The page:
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Supreme Court decision could put President Obama's agenda in jeopardy

President getting ready for his weekly address
President getting ready for his weekly address
White House

On Thursday the Supreme Court, in a 5-4 decision, lifted a ban on corporate spending in political ventures. The decision by the Supreme Court on Thursday, rolled back bipartisan campaign finance reform legislation presented by Senators John McCain and Russ Feingold. The McCain/Feingold legislation barred corporations from running commercials for or against a candidate in the winding weeks of their respective campaigns.

President Obama was not pleased with the Supreme Court’s ruling, stating during his weekly address, on Saturday that the ruling, “Opens the floodgates for an unlimited amount of special interest money into our democracy. It gives the special interest lobbyists new leverage to spend millions on advertising to persuade elected officials to vote their way – or to punish those who don’t. That means that any public servant who has the courage to stand up to the special interests and stand up for the American people can find himself or herself under assault come election time. Even foreign corporations may now get into the act.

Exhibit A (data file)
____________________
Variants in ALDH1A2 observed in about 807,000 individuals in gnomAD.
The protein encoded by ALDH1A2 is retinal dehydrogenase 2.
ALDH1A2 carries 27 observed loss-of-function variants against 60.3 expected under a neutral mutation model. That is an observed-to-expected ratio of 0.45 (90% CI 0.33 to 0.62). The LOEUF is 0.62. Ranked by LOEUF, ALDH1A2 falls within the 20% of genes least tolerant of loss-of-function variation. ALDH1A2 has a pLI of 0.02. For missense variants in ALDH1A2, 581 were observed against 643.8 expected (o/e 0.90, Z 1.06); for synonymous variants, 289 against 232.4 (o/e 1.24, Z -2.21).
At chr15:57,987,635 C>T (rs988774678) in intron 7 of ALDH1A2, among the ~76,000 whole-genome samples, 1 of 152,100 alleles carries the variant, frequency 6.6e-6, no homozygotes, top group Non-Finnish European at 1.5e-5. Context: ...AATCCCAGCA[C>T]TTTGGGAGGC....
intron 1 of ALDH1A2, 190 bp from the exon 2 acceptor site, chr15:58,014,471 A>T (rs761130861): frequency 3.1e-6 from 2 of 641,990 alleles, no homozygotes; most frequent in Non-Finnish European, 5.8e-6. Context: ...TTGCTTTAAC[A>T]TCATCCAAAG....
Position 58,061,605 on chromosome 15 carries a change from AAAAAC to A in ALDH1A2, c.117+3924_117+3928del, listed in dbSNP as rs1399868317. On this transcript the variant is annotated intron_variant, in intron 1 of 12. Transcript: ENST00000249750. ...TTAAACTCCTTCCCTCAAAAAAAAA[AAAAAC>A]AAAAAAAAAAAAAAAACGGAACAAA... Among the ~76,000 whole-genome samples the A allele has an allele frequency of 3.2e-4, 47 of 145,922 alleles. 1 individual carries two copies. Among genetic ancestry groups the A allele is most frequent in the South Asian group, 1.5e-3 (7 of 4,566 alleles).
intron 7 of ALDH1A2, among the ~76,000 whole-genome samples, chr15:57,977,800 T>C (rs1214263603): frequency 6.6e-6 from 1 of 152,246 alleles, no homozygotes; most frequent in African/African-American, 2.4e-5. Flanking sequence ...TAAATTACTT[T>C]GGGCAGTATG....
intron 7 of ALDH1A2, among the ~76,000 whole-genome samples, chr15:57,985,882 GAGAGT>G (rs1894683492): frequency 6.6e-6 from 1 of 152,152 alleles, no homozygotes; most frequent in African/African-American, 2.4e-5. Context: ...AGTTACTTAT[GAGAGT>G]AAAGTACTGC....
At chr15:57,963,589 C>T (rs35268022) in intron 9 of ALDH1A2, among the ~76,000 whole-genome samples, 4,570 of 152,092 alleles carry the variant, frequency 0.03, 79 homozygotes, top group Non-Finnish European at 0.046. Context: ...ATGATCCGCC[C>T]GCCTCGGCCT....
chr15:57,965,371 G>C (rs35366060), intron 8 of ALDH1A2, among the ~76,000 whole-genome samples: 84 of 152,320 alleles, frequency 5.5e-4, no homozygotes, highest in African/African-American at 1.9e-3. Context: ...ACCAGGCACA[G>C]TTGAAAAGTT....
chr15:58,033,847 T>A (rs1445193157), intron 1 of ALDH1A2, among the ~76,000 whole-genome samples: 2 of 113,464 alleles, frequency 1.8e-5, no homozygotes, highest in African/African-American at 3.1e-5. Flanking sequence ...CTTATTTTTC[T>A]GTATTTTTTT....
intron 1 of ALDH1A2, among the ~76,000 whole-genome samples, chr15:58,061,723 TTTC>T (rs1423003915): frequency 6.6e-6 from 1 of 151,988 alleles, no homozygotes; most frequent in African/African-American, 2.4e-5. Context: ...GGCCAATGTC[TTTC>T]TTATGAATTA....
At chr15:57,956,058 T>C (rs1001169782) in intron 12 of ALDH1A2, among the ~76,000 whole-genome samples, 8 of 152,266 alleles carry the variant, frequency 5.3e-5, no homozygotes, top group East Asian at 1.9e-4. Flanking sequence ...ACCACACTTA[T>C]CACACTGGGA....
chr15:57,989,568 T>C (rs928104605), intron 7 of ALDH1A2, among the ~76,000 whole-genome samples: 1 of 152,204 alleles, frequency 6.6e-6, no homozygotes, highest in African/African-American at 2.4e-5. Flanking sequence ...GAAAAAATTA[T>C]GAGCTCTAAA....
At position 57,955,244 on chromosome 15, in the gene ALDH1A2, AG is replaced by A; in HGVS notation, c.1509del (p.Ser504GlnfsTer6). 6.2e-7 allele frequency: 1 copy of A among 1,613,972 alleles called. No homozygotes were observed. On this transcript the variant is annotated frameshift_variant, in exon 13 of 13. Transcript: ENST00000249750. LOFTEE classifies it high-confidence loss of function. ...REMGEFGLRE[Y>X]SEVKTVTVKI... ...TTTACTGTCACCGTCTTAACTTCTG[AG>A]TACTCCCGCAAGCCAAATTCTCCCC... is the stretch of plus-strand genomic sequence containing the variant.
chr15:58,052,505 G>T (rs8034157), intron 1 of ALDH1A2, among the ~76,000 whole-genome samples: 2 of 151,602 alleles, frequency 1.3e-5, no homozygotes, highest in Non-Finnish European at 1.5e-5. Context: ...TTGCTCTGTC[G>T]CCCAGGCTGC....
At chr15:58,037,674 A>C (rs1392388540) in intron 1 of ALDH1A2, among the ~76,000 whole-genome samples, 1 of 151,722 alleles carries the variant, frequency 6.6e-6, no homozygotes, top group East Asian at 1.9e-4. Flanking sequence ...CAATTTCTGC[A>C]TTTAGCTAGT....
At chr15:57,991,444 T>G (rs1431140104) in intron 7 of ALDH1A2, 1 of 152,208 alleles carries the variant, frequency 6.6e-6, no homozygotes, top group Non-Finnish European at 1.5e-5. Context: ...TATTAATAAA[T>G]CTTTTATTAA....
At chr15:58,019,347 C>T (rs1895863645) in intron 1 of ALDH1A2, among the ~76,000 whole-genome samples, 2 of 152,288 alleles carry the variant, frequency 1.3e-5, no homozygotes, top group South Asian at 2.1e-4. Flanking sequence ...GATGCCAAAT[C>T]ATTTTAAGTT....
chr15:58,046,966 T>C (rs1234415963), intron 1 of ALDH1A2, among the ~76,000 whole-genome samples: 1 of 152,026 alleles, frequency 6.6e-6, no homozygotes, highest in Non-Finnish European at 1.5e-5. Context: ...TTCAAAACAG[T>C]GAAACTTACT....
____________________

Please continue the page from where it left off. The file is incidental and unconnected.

I can’t think of anything more devastating to the public interest. The last thing we need to do is hand more influence to the lobbyists in Washington, or more power to the special interests to tip the outcome of elections.”

The President went on to add that, “All of us, regardless of party, should be worried that it will be that much harder to get fair, common-sense financial reforms, or close unwarranted tax loopholes that reward corporations from sheltering their income or shipping American jobs off-shore.”

This new decision could greatly affect some of the president most progressive legislation like healthcare reform, and finance regulations.